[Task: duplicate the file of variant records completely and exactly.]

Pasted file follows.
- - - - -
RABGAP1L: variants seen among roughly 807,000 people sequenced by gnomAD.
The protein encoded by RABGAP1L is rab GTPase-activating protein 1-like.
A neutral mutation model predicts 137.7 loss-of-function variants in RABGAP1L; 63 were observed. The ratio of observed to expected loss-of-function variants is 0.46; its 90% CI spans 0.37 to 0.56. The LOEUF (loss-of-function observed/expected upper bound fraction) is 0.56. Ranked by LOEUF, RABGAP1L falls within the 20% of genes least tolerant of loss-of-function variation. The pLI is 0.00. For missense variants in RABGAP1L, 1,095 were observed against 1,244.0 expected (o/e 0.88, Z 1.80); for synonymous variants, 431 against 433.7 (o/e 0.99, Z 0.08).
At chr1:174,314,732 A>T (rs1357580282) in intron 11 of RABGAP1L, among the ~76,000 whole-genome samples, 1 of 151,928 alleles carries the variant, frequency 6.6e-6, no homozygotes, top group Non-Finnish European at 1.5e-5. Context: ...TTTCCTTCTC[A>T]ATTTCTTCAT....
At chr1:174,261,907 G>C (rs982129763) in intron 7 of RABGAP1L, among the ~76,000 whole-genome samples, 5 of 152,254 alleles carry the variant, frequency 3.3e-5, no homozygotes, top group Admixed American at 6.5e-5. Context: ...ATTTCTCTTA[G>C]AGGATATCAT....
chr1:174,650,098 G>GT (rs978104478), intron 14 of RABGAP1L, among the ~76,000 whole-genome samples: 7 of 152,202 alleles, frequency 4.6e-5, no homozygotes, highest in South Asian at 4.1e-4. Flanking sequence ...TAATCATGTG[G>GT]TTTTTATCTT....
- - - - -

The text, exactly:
RABGAP1L: variants seen among roughly 807,000 people sequenced by gnomAD.
The protein encoded by RABGAP1L is rab GTPase-activating protein 1-like.
A neutral mutation model predicts 137.7 loss-of-function variants in RABGAP1L; 63 were observed. The ratio of observed to expected loss-of-function variants is 0.46; its 90% CI spans 0.37 to 0.56. The LOEUF (loss-of-function observed/expected upper bound fraction) is 0.56. Ranked by LOEUF, RABGAP1L falls within the 20% of genes least tolerant of loss-of-function variation. The pLI is 0.00. For missense variants in RABGAP1L, 1,095 were observed against 1,244.0 expected (o/e 0.88, Z 1.80); for synonymous variants, 431 against 433.7 (o/e 0.99, Z 0.08).
At chr1:174,314,732 A>T (rs1357580282) in intron 11 of RABGAP1L, among the ~76,000 whole-genome samples, 1 of 151,928 alleles carries the variant, frequency 6.6e-6, no homozygotes, top group Non-Finnish European at 1.5e-5. Context: ...TTTCCTTCTC[A>T]ATTTCTTCAT....
At chr1:174,261,907 G>C (rs982129763) in intron 7 of RABGAP1L, among the ~76,000 whole-genome samples, 5 of 152,254 alleles carry the variant, frequency 3.3e-5, no homozygotes, top group Admixed American at 6.5e-5. Context: ...ATTTCTCTTA[G>C]AGGATATCAT....
chr1:174,650,098 G>GT (rs978104478), intron 14 of RABGAP1L, among the ~76,000 whole-genome samples: 7 of 152,202 alleles, frequency 4.6e-5, no homozygotes, highest in South Asian at 4.1e-4. Flanking sequence ...TAATCATGTG[G>GT]TTTTTATCTT....